Don't miss a moment from Paris-Roubaix and Unbound Gravel, to the Giro d’Italia, Tour de France, Vuelta a España, and everything in between when you join Outside+.
James Piccoli isn’t intimidated by what he’s seen so far in his 2020 jump to the WorldTour ranks. The Canadian certainly has respect.
The 28-year-old joins Israel Start-Up Nation after his breakout season last year on the North American circuit. He’s hoping to have a chance to show off his legs before the season is out, but he also knows he’s got to fight for his place in the WorldTour peloton.
“Everything is new for me,” Piccoli told VeloNews during his season debut in Australia. “The learning process has been a steep learning curve, but this is a perfect introduction for bigger races to come later in the spring.”
The Canadian all-rounder got his first taste of WorldTour-level racing during a month-long swing through Australia. He raced the Santos Tour Down Under and the Cadel Evans Great Ocean Road Race, both WorldTour races, as well as the Jayco Herald Sun Tour. He finished 25th at the Tour Down Under, and popped for eighth in the decisive climbing stage at Mount Buller at the Sun Tour. Both results are quiet confirmations of bigger things to come.
“If this week it’s done anything for me, if I can get my skills down, if I can get more comfortable in the bunch, I think the legs will be there,” Piccoli said after racing the Tour Down Under. “I won’t have to worry about my fitness. It’s just more getting used to the racing and moving in the peloton.”
Piccoli knows that racing at the WorldTour level is something else compared to the North American circuit, where his strong results over the past two seasons opened the door to step up with the Israel team.
“Everything is a notch or two higher,” he said of the WorldTour. “Everyone is stronger, there’s more fighting, the field is bigger, and everyone is prepared and professional. Finding those little gains are tougher, because you cannot just make up it with your strength, because everyone is strong here. That positioning part of cycling is what I need to learn. Once I figure that out, I think things will go a lot smoother.”
“The first one has to come before the second one,” he said of hitting results. “You need to get comfortable, to learn the nuances, to know how and when to be there in the key moments. I think a result will be possible when I figure that part out.”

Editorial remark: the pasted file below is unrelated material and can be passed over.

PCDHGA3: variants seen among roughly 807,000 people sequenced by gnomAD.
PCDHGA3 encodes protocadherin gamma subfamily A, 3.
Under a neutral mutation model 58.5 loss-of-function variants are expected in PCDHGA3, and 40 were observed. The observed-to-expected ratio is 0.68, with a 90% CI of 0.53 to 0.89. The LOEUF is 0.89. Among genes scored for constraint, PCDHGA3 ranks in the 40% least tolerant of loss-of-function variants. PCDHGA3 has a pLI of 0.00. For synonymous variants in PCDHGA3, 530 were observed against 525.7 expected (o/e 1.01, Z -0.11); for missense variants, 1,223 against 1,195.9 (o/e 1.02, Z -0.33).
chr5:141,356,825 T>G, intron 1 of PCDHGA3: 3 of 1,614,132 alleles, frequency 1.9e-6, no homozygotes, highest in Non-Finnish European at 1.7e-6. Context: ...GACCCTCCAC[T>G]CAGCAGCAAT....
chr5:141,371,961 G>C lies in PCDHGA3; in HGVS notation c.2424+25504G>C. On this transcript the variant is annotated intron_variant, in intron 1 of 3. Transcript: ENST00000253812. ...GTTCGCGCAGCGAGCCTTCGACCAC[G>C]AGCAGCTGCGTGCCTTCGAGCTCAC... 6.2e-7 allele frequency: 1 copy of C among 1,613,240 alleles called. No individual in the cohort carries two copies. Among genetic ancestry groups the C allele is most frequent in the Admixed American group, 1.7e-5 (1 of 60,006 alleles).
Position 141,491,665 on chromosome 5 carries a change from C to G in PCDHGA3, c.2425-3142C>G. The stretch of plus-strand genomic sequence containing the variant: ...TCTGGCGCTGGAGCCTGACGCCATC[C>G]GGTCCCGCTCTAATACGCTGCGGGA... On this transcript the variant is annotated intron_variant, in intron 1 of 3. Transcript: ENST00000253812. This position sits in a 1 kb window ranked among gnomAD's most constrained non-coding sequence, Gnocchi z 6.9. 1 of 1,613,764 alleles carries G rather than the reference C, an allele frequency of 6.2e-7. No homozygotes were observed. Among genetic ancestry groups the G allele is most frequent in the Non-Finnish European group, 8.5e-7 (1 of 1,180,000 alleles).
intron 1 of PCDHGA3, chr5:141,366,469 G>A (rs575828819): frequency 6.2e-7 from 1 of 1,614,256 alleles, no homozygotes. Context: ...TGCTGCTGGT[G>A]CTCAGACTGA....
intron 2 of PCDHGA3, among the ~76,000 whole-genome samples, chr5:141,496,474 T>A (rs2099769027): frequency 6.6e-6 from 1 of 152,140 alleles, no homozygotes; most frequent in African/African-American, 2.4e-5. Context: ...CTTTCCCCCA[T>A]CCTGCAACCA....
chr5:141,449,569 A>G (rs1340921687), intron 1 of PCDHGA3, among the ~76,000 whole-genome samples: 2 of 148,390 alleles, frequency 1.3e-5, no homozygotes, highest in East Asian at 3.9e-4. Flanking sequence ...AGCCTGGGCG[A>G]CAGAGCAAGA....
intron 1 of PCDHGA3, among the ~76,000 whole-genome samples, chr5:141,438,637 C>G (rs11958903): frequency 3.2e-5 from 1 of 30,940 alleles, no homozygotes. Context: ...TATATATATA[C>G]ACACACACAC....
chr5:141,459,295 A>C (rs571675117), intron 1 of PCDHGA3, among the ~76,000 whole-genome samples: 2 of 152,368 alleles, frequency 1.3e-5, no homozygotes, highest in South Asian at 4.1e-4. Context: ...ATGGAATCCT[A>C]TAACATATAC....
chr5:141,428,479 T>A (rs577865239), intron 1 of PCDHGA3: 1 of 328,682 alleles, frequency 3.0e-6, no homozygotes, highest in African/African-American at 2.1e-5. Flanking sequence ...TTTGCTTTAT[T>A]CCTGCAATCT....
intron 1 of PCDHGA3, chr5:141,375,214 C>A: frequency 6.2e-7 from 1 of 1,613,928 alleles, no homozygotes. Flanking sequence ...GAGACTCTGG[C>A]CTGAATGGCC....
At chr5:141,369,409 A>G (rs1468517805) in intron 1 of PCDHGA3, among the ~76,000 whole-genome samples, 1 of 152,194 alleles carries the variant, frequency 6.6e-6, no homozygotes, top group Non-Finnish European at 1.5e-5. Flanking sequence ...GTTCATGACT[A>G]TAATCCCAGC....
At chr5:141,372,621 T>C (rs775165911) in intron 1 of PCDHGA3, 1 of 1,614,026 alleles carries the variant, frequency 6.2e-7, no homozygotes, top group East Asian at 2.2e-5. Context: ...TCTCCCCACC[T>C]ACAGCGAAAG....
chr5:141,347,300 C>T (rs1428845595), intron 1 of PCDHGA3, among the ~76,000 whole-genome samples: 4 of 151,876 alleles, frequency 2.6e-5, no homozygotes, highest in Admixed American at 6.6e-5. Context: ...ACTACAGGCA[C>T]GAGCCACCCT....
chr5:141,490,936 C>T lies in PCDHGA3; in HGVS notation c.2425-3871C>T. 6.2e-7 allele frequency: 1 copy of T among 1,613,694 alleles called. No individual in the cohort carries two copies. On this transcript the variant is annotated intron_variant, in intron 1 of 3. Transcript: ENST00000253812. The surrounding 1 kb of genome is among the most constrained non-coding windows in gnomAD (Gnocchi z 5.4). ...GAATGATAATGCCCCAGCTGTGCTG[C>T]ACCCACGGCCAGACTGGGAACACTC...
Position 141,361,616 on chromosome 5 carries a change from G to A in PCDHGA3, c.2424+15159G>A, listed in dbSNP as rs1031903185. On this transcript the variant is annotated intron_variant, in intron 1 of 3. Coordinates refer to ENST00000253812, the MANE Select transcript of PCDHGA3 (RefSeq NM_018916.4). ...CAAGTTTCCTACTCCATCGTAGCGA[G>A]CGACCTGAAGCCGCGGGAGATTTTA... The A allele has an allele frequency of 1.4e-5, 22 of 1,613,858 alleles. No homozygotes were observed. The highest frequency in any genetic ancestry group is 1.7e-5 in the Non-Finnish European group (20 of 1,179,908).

Up next are likely starts at the Volta Ciclista a Catalunya and the Itzulia Basque Country, two races that see the peloton’s top riders fighting for the spoils.
“For a couple of days, I was still in awe. Oh look, André Greipel is pulling me through the peloton,” Piccoli said. “But everyone here has two legs and two lungs, just like I do. At the end of the day, we’re all just guys racing our bikes, trying to be first across the finish line.”
Piccoli is part of the new-look Israel Start-up Nation team that graduates to the WorldTour in 2020 after taking over the racing license of Katusha-Alpecin. He’s among three Canadians on the team, thanks in part to team owner’s Sylvan Adams strong links to Canada.
Piccoli got on everyone’s radar during the past two seasons on the North American circuit, where he won the Tour de Beauce in 2018, and won a stage and finished second at the Larry H. Miller Tour of Utah last summer. He also won the Tour de Gila and finished second at Joe Martin Stage Race and the Tour of Taiwan racing with Elevate-KHS.
Israel’s performance director was keeping an eye on Piccoli, and helped him find a spot on the WorldTour roster for 2020. Management was so impressed that they had already signed him on even before his big ride in last year’s Tour of Utah.
“I got very lucky to find this team, and finding the best possible environment for me,” Piccoli said. “I truly believe this is the best possible team for me right now.
“It’s been a learning experience, in terms of racing dynamics, for position, for key points of the race,” he continued. “The team has been very helpful. I’ve been learning from Greipel and Dowsett, on how to move around, and teaching me the ways of the European peloton.”
After his upcoming Spanish racing block, a Giro d’Italia start could be in the cards. With new captain Dan Martin and the recently injured Hermans expected to race in the team’s first Tour de France, Israel Start-Up Nation will likely bring a mixed squad of stage-hunters and sprinters to the season’s first grand tour.
That should open the door for Piccoli to race in the season’s first grand tour.
“I am really looking forward to that, to see how my body handles three weeks of racing, and how I can come through it,” he said of a possible Giro start.
“Racing at the WorldTour level was an unknown for me, in terms of how my legs stack up,” he said “Right now, I’m just learning, sharpening up my skills, and one day be a team rider. I have some bigger goals later in the season.”
Patience pays off in bike racing, and Piccoli is hoping time is on his side.